Welcoming With Smoke and Seat

We normally use a mugwort smudge stick to consecrate and purify with smoke, singing its verse in Anglo Saxon from the Song of the Nine Sacred Herbs, invite the deity (I often go open the front door for them), welcome them, serve the food, say a blessing over the food and start eating. I have a god chair which is taboo, only those wishing to be possessed ever sit in it, with a pillow I made with duck feathers I plucked. This sort of pillow is attested in the Saga of Erik the Red, and has the advantage of being far more portable than the god chair. Both get charged by repeated use, and they also serve as psychological triggers of consent.

At this point in the rite the seer sits in the chair if the deity requested it before the rite. Sometimes they don’t and someone feels a pull to do so. If there is no designated horse and no pull to do so, we just have a nice supper and share any impressions we get. If someone sits to eat for the deity, then one of us is the Page who attends them and another is the Host who makes sure everyone has food and things go smoothly.

Try to bring up topics that would interest your guest of honor, and pay attention to them. The most spirit sensitive people should sit on either side of the god chair and relay any impressions and messages they get. They should be well grounded, it’s easy to get spacey when sitting next to a Goddess.

Testing the Offered Food

Sometimes the food gets eaten by the spirit, sometimes it gets blessed for sharing. It’s easy to test for that. Halfway through the meal, try reaching into their plate with the intent to eat a bite. I myself get nauseous if the food’s been “eaten” by the spirit, like I’m trying to eat a plate of rotten food. Another gets a sense of a thick fog that stops their hand, and some just get a feeling of wrongness. That food is drained of all lifeforce, if you eat it you won’t be able to digest it. I learned that lesson well: I and a friend were instructed by a God to eat a meal they had drained to prove the point. It tasted like cardboard and sat in our stomachs like lead for two hours before I thought to eat a bite of lettuce, to infuse it with a bit of life. Only then were we able to digest it. So don’t feel bad about throwing out “good food,” it really is quite dead after they’ve eaten it. It’s fine for the compost heap though, I say a prayer to Nidhogg to let it rot and return to being fertile soil. After testing their food in this way, try the drink, that’s more often what they bless and want shared. If you bring it to your lips and feel fine, then it’s meant for sharing.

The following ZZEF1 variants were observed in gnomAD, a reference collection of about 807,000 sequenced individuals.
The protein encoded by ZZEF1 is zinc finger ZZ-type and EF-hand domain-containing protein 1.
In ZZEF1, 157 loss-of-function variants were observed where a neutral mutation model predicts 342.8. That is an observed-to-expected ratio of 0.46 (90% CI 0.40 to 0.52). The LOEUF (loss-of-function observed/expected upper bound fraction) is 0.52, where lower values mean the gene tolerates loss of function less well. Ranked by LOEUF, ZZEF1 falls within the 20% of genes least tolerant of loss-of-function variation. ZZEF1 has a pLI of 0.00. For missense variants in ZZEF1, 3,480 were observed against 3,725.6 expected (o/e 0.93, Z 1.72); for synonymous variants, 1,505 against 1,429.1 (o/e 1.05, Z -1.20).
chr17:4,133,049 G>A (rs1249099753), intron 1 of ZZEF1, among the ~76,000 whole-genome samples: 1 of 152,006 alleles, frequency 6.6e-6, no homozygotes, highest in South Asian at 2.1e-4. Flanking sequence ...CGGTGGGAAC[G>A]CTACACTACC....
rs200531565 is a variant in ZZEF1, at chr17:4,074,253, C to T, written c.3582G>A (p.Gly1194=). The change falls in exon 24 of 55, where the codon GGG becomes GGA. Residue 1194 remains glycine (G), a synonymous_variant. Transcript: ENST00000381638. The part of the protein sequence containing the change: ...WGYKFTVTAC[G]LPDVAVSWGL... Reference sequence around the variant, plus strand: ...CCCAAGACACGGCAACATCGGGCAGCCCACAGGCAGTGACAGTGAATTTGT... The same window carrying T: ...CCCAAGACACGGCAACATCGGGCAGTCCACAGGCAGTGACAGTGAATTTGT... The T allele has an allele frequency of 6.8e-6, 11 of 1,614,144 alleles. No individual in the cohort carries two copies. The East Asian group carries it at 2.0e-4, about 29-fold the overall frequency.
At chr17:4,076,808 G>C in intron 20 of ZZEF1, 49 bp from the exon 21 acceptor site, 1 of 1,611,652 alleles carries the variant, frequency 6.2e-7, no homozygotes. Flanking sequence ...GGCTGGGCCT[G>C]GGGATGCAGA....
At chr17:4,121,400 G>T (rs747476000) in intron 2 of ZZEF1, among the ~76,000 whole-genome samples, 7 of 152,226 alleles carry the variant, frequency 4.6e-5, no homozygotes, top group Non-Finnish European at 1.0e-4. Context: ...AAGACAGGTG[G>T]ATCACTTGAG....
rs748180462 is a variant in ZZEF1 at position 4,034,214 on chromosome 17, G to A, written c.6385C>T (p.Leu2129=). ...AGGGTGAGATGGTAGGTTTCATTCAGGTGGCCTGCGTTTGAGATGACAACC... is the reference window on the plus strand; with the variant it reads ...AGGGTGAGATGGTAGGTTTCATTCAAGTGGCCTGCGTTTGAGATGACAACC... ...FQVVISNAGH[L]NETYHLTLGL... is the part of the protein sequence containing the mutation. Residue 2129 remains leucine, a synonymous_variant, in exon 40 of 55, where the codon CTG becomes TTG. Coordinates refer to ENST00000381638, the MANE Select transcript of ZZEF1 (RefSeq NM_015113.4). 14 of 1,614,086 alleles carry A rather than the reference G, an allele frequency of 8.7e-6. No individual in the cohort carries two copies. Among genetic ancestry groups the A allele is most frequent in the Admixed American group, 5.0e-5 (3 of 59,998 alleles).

Ending the supper

Once the meal is over, simply thank the deity for coming, let them know they’re welcome to come again, and that you appreciated their presence. If they’ve been drinking a lot, you can ask them to take the alcohol with them, especially if the horse has a low alcohol tolerance, and make sure the horse is left in a good state. Wish them well on their journey home. Blow out the candles, get everyone to ground excess energy, and you’re done!


If there was a horse serving that day, make sure someone takes care of them for at least the next hour. Help them out of their ritual clothes, make sure they eat at least a little if they haven’t (whether they’re hungry or not), ask what they need or would like. Sometimes they need a hug, sometimes they need space (but keep an eye on them). If at all possible, don’t let them trance and drive right away, it’s probably not safe. If they look confused, ask them again if there’s something you could help them with, they may have a hard time asking for what they need. Use their name to remind them who they are. If they’re okay with it, patting them down all over their body can really help them occupy it once more. Seers are often half-in and half-out of their body after such an experience, the patting basically serves to push their spirit back in from all sides. Mundane topics of conversation can help with grounding the mind, but they may instead need some quiet time to process what just happened. Just have someone nearby in that case, willing to listen if they want to go over what happened or fetch things for them. Aftercare is very important if you want this horse able and willing to serve again.

In sight of the Gods we serve,

  1. Thanks for this very practical guide on Spirit Suppers Linda! Adds a lot to my ideas of how I might honor different Deity’s in a sort of “why haven’t I thought of this before?” way. I vaguely recall when I was young being taught to set a spare place for the prophet Elijah at Passover, but it hadn’t occurred to me to apply a similar notion elsewhere.

    Also thank you for the bit at the end about caring for horse after the possession has ended. I’ve been getting a feeling that while my ending up horsing a deity myself isn’t likely to happen (famous last words… but oh well) there’s a pretty fair chance I may need to assist someone who does and I’ve been wondering about how that’s done.


  2. […] with this phenomenon back in July. In her post she writes about her experience holding a spirit supper for Frigga, which is a rite in which she and her friends host a meal and set an extra plate as an invitation […]